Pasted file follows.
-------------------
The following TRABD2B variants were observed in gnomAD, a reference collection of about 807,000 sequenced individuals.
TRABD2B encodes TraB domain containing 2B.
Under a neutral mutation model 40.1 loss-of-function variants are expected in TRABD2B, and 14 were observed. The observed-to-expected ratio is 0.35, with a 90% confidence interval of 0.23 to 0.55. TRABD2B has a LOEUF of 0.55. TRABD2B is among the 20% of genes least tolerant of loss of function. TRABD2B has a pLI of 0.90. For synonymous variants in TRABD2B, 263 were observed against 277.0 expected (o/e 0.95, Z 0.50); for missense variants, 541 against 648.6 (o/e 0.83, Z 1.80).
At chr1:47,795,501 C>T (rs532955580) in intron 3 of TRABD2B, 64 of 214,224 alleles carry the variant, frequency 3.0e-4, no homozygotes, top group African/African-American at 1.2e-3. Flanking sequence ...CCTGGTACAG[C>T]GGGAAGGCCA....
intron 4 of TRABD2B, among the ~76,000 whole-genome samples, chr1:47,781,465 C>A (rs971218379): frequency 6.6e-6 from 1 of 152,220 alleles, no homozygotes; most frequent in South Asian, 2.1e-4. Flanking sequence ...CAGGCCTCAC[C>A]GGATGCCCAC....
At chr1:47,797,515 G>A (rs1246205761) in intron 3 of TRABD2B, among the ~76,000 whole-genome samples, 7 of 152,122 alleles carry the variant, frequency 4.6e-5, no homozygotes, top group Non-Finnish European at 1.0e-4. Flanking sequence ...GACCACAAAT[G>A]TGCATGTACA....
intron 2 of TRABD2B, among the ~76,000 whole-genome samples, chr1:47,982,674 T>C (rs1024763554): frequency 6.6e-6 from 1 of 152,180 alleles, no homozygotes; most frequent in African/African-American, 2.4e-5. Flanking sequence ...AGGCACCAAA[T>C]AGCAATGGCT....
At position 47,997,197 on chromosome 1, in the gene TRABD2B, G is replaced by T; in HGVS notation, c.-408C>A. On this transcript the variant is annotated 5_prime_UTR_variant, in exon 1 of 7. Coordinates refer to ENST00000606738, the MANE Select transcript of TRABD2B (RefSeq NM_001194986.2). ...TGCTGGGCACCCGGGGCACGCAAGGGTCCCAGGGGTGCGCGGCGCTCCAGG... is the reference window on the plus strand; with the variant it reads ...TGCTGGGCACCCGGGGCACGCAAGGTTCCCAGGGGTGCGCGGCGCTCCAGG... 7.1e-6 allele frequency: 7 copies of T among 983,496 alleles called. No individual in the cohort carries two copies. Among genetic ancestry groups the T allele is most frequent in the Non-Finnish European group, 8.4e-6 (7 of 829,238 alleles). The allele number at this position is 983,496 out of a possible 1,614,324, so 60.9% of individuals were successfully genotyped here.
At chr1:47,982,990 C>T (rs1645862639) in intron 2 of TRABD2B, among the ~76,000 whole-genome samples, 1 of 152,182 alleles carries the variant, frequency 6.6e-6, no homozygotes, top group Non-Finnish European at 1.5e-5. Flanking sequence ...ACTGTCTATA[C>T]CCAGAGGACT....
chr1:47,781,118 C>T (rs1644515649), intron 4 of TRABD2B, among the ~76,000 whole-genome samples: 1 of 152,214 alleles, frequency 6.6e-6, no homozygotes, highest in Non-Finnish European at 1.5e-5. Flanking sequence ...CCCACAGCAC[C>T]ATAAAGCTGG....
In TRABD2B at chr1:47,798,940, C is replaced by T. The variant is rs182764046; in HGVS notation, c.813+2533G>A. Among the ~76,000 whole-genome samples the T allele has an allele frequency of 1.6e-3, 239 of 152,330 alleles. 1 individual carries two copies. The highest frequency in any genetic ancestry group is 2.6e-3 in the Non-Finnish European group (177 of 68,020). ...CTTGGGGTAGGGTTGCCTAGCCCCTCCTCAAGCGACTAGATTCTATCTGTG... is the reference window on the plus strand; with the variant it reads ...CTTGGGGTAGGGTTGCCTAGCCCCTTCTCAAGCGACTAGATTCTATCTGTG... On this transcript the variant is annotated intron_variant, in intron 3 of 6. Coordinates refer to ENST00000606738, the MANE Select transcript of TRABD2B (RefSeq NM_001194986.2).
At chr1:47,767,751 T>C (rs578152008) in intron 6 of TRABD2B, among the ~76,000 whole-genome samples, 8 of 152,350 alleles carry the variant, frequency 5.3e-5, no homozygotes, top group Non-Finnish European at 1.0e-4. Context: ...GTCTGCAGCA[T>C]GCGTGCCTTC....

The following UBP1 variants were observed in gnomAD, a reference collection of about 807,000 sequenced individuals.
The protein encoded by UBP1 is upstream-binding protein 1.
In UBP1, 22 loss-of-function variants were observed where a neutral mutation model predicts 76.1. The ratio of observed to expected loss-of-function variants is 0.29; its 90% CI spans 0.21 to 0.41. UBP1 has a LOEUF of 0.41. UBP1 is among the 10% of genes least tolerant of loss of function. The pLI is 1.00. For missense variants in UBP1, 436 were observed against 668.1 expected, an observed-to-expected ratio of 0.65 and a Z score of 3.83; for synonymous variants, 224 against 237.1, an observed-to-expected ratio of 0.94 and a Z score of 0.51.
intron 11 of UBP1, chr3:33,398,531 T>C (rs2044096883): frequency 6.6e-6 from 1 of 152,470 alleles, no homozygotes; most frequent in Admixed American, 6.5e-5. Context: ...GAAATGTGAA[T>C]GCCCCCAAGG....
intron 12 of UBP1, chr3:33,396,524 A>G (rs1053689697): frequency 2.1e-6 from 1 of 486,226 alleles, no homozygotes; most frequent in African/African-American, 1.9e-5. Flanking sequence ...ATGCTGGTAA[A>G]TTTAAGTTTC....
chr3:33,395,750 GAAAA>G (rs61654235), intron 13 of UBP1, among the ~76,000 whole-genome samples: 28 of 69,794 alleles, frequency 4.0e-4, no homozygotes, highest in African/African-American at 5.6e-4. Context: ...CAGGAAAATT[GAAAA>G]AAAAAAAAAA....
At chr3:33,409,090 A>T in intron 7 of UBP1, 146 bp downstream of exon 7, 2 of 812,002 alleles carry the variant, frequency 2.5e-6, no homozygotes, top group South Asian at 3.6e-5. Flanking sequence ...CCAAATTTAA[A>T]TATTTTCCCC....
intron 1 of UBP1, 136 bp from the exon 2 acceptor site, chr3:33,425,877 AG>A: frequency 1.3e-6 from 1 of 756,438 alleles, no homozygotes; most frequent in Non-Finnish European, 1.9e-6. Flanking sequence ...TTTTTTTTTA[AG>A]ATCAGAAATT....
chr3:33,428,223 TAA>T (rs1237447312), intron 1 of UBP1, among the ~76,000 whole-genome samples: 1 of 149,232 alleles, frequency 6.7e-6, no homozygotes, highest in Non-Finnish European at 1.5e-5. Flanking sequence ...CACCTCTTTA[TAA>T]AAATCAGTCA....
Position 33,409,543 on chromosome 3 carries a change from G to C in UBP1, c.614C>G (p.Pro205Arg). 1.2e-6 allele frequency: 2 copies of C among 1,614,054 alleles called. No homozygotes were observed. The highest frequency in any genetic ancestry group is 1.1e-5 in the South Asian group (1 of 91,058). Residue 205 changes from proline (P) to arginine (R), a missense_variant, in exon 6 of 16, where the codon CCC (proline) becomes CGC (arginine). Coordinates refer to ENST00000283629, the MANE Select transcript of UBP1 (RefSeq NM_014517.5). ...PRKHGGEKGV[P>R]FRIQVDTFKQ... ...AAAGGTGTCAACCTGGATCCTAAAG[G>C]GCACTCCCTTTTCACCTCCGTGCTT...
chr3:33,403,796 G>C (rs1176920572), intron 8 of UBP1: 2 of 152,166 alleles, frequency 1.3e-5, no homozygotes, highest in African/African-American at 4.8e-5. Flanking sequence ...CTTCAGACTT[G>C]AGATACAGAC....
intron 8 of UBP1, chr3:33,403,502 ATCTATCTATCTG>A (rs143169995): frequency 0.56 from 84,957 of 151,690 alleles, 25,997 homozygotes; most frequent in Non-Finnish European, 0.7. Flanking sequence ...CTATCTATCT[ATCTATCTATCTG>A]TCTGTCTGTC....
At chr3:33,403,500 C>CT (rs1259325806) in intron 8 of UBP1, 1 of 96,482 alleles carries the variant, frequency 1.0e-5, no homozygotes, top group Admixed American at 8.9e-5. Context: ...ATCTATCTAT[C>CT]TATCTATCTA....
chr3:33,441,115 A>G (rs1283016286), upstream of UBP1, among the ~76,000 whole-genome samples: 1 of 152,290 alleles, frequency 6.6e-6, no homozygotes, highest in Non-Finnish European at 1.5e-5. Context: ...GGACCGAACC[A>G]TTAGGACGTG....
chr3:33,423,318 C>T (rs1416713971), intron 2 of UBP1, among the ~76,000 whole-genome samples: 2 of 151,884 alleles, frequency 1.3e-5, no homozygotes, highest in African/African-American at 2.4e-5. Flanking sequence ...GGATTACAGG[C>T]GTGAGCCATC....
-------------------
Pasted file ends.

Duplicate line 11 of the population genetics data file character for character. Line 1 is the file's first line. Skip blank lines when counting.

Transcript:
In TRABD2B at chr1:47,798,940, C is replaced by T. The variant is rs182764046; in HGVS notation, c.813+2533G>A. Among the ~76,000 whole-genome samples the T allele has an allele frequency of 1.6e-3, 239 of 152,330 alleles. 1 individual carries two copies. The highest frequency in any genetic ancestry group is 2.6e-3 in the Non-Finnish European group (177 of 68,020). ...CTTGGGGTAGGGTTGCCTAGCCCCTCCTCAAGCGACTAGATTCTATCTGTG... is the reference window on the plus strand; with the variant it reads ...CTTGGGGTAGGGTTGCCTAGCCCCTTCTCAAGCGACTAGATTCTATCTGTG... On this transcript the variant is annotated intron_variant, in intron 3 of 6. Coordinates refer to ENST00000606738, the MANE Select transcript of TRABD2B (RefSeq NM_001194986.2).